Prosperous today, homeless tomorrow

This article, written by Kathy Haight for the Charlotte Observer, was an interesting read. As I said in yesterday’s blog, sports bring people together. It really does. However, I’ve been thinking, is homelessness an issue of financial troubles or is there more to homelessness?

Homelessness in America has become a real problem. However, sweeping the issue under the rug is never going to solve it. Homelessness is faceless and can happen to anyone.

Bringing together homeless people to play helps them network with others who may be able to find them employment, housing or other essentials.

In another article written by Rich and Elizabeth Lombino, they look into former pro athletes who are now living on the streets. Back in July they wrote about “Sugar Ray” Williams who played in the NBA for 10 years and is now homeless.

In the more recent of the two articles, they tell us about Iran “The Blade” Barkley, a boxer who fought professionally for 17 years. According to the Lombino’s, over his 17 year career, Barkley was paid over $5 million dollars and yet, today, he’s homeless.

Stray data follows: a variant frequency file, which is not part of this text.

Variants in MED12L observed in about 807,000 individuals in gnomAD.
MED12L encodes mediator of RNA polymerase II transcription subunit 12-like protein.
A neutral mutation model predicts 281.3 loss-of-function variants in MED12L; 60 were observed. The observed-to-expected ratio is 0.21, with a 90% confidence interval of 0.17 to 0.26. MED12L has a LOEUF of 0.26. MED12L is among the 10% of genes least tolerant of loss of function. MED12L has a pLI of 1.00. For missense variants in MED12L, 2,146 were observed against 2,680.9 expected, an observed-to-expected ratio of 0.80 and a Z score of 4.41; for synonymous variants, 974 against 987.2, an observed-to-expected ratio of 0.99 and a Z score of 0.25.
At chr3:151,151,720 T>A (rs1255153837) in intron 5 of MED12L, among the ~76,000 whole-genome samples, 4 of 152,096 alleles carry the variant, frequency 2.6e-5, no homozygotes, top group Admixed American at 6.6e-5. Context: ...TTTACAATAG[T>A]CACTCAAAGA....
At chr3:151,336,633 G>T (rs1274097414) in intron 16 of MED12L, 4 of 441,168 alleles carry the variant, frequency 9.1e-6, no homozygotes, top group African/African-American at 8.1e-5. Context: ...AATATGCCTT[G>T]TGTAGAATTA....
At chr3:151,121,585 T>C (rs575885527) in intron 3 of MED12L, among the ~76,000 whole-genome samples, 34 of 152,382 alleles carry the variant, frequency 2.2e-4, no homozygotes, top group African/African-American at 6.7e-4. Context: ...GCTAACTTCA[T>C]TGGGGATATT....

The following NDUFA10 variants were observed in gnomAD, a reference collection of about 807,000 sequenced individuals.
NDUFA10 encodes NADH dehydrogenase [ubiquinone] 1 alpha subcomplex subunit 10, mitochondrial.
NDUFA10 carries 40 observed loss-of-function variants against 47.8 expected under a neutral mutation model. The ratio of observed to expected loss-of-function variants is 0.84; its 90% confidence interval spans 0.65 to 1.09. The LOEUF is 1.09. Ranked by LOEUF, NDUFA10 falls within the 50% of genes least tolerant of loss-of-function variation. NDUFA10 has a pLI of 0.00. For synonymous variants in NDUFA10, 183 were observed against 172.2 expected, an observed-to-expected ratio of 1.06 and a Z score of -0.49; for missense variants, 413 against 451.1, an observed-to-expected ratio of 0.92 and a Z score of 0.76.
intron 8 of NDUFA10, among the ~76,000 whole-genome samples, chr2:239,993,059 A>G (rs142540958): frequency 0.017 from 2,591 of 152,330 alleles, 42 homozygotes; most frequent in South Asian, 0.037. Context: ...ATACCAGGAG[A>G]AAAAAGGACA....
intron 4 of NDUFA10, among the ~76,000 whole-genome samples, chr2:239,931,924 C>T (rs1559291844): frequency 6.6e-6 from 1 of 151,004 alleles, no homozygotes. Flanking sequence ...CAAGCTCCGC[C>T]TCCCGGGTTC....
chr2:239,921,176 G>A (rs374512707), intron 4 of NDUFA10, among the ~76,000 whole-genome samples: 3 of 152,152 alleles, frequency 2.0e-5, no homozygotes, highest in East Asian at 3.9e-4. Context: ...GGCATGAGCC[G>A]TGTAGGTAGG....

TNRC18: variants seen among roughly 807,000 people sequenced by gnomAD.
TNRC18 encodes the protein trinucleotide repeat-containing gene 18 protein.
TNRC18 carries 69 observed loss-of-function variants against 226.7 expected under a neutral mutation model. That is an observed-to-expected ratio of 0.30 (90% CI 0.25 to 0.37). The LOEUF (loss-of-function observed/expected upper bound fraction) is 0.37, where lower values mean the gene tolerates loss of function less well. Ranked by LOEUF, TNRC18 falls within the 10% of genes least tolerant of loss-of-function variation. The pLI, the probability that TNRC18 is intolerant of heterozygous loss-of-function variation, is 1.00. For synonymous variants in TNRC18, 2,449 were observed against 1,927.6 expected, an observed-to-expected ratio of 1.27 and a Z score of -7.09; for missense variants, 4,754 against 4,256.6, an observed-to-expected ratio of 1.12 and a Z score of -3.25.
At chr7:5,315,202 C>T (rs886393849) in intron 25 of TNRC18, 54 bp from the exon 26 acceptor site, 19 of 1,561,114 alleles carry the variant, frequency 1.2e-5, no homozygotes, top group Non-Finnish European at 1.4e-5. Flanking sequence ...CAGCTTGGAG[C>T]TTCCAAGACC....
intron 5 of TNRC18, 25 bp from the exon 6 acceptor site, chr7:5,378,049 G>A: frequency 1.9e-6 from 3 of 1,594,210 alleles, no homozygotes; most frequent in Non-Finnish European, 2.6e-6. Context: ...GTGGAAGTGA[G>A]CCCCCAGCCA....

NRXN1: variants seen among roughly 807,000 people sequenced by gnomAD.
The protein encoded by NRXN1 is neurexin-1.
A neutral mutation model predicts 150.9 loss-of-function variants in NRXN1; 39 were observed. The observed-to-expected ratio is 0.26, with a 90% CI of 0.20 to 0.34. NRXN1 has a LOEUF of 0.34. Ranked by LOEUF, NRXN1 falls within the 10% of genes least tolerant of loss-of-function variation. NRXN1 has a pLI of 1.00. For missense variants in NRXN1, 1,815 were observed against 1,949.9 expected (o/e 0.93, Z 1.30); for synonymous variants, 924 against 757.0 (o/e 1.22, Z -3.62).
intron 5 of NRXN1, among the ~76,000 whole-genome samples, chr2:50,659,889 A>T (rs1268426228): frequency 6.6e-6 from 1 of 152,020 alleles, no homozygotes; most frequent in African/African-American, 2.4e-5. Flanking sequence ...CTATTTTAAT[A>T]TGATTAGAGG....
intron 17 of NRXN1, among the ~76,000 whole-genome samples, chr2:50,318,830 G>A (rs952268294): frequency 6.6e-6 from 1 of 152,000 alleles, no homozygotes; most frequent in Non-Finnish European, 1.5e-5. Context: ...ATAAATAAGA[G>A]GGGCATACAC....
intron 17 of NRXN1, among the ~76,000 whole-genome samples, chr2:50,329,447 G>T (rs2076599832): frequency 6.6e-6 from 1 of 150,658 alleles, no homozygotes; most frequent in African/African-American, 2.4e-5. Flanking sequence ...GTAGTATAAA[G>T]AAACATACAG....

What I thought was more interesting about Barkley was the fact that he RETIRED from boxing. It’s not as if he was forced to retire from boxing because of addictions…he retired a successful boxer. Maybe it was bad financial planning on his part or maybe he was conned out of money by deceitful business partners. Who knows? Fact is that after a fruitful career in b0xing he finds himself homeless today.

However, the story of Barkley just goes to show that no one is immune from homelessness. This boxer, throughout his entire career, had an above average yearly salary and yet, that wasn’t enough to keep him from becoming homeless.

I say that to say this – homeless people are humans also. They aren’t invisible. When you see someone who is less fortunate than you, don’t assume that that person did something to bring the ill-luck upon themselves. Reach in your pocket and give them your change. Don’t have any? Give them your coffee or buy them something to eat. Misfortune can strike anyone and I know you’d like to be treated fairly if you ever found yourself in their shoes.

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